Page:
From water polo to construction controversy, wide-ranging meeting with Seattle School Board’s Leslie Harris

By Tracy Record
West Seattle Blog editor

The drop-in community meeting held this past Saturday by our area’s elected Seattle Public Schools Board director spanned a variety of topics, since as always, the agenda depended mostly on who showed up and what they wanted to talk about.

Two-term board director Leslie Harris began with a gasp-evoking announcement – that she would not seek a third term (as reported here that day).

With 20+ community members seated around a table in the basement meeting room at West Seattle (Admiral) Library, the meeting moved on to topics from sports to construction.

The former was a pitch from two students who want to, but can’t, play water polo for West Seattle High School, because it lacks a team. So in order to play, they have to “travel a long way to play for a club.” They clarified that they weren’t asking for funding or staffing – just some bureaucracy/administration support/signoffs. The discussion meandered off to multiple adults in the room, Harris included, reminiscing that they had played water polo as students.

Next topic: Music. Specifically, concerns about staff cuts affecting the Washington Middle School (not in West Seattle, but not far, in the Central District) music program. A key teacher is being cut amid school-based decisions about dealing with budget cuts, yet, Harris said, online minutes of meetings at the school did not include any record of a vote on the cut. An attendee introduced himself as a former board member in the Washington MS PTSA and said part of the problem, besides “terrible building management,” was that enrollment at the school is barely half of what it used to be, in no small part because another middle school was opened and is drawing hundreds of students that previously would have been sent to Washington.

Some perspective on the teams that make school-based decisions – the Building Leadership Teams – was offered by another attendee, a teacher at a school in West Seattle. He said, “The BLT is an arm of the administration of the building,” not as powerful as you’d think, and that more power is wielded by the district middle-managers to whom principals report, the Directors of Schools. Another attendee who said she’d been on BLTs at two schools (and is trying for a third) agreed. Harris noted that the directors had been reorganized to oversee schools by the grades they serve, but they used to be assigned to oversee regions. And “more reorgs are coming,” she warned.

Shortly thereafter, the meeting took a break (Harris had brought her renowned lasagna, and urged everyone to have some). When the meeting reconvened, Harris lamented that “this legislative session sucks for Seattle Public Schools” in terms of prospects for school funding, which, she contended, contrary to popular belief, has yet to be fully restored.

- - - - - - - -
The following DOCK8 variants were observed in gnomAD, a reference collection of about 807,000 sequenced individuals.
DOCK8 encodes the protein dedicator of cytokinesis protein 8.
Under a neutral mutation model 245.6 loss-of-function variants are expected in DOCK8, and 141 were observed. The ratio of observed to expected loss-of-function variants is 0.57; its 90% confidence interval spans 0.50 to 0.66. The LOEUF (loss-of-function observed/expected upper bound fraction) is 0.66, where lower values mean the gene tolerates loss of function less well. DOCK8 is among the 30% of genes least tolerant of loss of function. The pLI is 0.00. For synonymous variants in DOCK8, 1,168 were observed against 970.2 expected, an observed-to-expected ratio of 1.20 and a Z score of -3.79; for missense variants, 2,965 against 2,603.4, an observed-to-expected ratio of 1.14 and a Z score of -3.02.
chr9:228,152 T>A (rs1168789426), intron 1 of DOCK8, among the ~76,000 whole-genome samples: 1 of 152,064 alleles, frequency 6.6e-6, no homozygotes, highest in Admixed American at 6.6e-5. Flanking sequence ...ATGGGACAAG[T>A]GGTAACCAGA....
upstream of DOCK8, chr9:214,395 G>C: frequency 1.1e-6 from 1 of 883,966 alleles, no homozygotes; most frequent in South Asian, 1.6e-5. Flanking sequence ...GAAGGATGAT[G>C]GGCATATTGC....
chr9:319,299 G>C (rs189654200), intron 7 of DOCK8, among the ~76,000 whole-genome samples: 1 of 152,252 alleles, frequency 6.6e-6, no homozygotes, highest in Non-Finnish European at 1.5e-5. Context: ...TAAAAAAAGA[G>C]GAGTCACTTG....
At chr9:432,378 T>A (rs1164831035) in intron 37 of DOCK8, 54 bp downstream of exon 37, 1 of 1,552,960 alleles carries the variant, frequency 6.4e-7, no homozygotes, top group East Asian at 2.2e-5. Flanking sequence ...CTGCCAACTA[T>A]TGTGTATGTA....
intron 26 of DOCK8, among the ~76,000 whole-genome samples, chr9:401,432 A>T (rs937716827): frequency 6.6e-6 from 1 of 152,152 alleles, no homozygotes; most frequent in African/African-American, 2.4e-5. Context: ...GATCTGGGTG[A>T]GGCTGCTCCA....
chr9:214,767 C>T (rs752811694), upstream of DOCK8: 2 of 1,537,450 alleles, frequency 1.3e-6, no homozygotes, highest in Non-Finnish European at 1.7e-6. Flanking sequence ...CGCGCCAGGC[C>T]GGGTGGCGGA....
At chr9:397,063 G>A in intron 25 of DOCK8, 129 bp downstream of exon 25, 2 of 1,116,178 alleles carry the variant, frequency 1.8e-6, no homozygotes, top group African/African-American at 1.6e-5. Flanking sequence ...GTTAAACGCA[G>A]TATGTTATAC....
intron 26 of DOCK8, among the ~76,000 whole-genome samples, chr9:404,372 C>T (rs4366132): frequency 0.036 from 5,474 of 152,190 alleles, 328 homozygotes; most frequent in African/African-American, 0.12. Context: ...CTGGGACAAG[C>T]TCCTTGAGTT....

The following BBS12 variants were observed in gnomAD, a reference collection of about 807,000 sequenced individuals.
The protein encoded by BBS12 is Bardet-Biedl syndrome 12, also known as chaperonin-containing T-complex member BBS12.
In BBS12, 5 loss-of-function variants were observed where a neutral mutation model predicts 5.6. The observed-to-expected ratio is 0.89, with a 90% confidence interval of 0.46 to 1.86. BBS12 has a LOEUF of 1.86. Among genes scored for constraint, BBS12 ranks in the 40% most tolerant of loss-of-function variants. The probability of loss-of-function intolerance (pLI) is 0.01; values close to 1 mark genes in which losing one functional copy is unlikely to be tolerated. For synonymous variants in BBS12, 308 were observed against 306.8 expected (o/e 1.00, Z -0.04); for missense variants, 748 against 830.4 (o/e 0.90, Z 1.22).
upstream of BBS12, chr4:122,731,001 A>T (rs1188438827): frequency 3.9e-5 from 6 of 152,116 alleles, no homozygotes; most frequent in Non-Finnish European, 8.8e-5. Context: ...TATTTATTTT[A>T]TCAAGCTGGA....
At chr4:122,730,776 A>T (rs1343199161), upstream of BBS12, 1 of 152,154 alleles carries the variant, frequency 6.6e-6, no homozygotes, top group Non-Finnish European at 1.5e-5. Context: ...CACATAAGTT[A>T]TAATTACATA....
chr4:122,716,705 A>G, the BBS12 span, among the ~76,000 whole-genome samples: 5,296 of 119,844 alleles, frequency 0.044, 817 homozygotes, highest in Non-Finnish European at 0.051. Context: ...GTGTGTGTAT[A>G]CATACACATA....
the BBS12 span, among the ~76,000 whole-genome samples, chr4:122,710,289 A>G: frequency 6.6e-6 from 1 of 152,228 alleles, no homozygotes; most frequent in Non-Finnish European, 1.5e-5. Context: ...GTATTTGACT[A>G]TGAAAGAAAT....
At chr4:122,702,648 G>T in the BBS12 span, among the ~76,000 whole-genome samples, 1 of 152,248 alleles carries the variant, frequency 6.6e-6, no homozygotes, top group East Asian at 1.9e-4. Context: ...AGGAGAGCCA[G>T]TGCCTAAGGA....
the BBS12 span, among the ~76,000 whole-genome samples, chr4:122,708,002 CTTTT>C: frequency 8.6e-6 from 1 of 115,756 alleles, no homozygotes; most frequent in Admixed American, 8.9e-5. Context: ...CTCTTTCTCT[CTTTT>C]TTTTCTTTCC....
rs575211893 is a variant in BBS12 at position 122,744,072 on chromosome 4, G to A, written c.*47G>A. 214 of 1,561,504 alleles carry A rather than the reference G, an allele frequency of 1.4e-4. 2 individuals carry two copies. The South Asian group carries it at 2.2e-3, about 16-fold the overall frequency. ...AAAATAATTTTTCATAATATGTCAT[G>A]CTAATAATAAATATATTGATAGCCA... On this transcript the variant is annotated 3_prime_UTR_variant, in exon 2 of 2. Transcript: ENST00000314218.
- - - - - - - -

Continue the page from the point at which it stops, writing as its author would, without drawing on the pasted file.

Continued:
(Alki rebuild rendering from SPS website)

Then it was on to the Alki Elementary rebuild, the major topic at Harris’s previous community meeting (WSB coverage here). One new element: Longtime district watchdog Chris Jackins brought a letter from Vicki Schmitz-Block, suggesting that the former Schmitz Park Elementary would be a far more suitable site for a rebuild/expansion, with more room (among other reasons(. Several Alki-area residents then picked up the topic. (To recap, the school is scheduled to close for a levy-funded rebuild and expansion starting later this year, but the district is asking for nine zoning exceptions – aka “departures” – including making the school taller and removing its offstreet parking. The district declared that the project did not need a full environmental review; nearby residents appealed that decision and lost in a ruling by a district-appointed hearing examiner before whom they argued their case in an unpublicized February hearing.)

A member of the Alki BLT said the parking issue was brought up in team meetings and yet “wordsmithing” was used to make it look like it would be addressed, but it wasn’t. Other transportation issues are looming, he warned, like a plan to use 58th SW for staging – “the public hasn’t been told.” A nearby resident said the “fundamental problem” is the district moving toward its “well-resourced schools” consolidation policies, and Alki Elementary therefore facing “trying to fit 10 gallons into a five-gallon hat.” Couldn’t the project be shelved for a few years until the district sees whether enrollment really will rebound? he wondered.